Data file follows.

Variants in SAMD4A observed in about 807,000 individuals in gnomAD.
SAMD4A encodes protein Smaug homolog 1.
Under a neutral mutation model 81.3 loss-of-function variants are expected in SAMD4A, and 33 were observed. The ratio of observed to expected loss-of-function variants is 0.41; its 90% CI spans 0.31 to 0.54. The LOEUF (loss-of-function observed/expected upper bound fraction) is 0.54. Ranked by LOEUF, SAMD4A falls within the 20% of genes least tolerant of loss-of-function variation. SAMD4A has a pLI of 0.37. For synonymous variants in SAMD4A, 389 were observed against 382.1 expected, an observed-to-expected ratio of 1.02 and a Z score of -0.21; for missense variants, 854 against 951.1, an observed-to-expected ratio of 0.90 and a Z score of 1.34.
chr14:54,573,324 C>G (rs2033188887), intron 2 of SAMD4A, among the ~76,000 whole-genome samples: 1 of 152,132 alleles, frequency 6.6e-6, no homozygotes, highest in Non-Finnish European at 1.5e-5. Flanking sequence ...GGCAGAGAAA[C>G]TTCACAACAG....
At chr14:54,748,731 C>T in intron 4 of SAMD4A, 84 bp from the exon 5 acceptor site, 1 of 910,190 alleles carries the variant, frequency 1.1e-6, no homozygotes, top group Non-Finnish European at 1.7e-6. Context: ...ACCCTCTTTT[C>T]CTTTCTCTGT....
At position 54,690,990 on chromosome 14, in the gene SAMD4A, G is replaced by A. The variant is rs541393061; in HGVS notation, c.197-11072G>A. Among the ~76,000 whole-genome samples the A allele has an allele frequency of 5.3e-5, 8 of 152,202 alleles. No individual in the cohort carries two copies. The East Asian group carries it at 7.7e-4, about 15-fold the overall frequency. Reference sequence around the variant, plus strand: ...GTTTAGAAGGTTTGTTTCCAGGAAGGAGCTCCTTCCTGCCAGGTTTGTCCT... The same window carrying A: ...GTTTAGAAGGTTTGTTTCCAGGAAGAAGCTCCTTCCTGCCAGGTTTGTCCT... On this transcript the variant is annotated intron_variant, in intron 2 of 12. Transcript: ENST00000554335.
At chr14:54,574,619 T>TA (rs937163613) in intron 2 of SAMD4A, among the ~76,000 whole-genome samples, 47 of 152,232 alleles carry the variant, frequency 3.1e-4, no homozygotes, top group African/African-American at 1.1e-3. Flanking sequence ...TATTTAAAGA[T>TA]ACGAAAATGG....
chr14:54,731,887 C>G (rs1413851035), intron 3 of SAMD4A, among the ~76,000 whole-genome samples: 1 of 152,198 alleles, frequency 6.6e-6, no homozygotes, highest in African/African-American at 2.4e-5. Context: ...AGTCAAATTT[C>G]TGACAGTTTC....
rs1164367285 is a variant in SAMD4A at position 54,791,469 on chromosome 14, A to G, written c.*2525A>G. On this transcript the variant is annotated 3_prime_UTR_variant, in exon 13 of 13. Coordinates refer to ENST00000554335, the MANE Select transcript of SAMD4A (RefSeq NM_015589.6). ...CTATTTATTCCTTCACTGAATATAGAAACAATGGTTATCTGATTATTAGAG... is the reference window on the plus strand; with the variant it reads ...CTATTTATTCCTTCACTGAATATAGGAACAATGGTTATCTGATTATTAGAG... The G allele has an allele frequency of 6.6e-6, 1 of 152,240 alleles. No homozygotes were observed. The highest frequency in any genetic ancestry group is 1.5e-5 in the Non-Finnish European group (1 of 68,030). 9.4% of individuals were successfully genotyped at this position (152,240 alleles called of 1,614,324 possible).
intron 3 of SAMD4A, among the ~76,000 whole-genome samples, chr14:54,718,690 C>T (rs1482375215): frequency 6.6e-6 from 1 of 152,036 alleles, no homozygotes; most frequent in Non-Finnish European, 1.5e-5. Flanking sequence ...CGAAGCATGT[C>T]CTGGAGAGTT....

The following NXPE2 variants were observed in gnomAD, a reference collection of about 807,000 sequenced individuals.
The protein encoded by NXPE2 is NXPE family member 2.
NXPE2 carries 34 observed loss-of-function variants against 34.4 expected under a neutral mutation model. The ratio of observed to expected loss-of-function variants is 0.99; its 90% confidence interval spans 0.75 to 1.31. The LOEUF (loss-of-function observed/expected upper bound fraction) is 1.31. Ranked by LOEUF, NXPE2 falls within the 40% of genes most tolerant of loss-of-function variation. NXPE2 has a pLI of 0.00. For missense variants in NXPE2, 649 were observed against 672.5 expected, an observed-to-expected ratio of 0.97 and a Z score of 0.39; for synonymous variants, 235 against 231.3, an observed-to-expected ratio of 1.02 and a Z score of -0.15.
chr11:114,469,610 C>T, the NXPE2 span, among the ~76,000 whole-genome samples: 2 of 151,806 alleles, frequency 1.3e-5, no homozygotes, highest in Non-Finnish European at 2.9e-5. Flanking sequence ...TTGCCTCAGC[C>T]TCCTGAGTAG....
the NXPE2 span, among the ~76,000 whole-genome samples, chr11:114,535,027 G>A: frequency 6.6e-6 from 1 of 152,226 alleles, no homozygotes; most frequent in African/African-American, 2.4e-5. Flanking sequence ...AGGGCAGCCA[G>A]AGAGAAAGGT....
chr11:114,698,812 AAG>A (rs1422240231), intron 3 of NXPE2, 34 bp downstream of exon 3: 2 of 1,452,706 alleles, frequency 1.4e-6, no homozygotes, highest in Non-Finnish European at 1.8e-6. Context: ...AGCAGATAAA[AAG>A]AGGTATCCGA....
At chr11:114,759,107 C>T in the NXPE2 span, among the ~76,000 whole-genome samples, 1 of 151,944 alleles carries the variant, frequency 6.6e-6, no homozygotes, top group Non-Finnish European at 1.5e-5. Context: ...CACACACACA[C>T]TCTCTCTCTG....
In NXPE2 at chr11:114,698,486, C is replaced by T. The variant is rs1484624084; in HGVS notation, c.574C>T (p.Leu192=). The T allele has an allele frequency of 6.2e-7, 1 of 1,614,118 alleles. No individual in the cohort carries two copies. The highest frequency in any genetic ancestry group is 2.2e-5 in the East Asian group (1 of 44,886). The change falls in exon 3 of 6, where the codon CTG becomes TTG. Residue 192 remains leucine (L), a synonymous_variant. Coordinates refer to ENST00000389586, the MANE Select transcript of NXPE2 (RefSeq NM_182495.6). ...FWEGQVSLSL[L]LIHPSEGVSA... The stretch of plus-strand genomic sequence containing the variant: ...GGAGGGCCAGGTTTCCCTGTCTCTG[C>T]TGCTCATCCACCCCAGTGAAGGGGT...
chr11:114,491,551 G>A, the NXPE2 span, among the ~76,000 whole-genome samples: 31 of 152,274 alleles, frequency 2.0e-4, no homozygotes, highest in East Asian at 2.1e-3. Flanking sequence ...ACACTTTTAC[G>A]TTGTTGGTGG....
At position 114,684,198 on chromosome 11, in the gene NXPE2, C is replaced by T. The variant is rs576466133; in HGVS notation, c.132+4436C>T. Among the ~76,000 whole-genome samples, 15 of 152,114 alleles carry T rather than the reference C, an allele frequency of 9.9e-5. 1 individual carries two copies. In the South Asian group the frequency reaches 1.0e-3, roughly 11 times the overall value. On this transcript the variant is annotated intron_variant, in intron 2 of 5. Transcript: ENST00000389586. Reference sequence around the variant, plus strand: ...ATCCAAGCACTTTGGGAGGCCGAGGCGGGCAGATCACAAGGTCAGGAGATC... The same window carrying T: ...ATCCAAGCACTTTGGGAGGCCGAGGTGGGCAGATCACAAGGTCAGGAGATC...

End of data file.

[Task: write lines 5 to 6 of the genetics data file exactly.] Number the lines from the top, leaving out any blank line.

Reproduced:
At chr14:54,748,731 C>T in intron 4 of SAMD4A, 84 bp from the exon 5 acceptor site, 1 of 910,190 alleles carries the variant, frequency 1.1e-6, no homozygotes, top group Non-Finnish European at 1.7e-6. Context: ...ACCCTCTTTT[C>T]CTTTCTCTGT....
At position 54,690,990 on chromosome 14, in the gene SAMD4A, G is replaced by A. The variant is rs541393061; in HGVS notation, c.197-11072G>A. Among the ~76,000 whole-genome samples the A allele has an allele frequency of 5.3e-5, 8 of 152,202 alleles. No individual in the cohort carries two copies. The East Asian group carries it at 7.7e-4, about 15-fold the overall frequency. Reference sequence around the variant, plus strand: ...GTTTAGAAGGTTTGTTTCCAGGAAGGAGCTCCTTCCTGCCAGGTTTGTCCT... The same window carrying A: ...GTTTAGAAGGTTTGTTTCCAGGAAGAAGCTCCTTCCTGCCAGGTTTGTCCT... On this transcript the variant is annotated intron_variant, in intron 2 of 12. Transcript: ENST00000554335.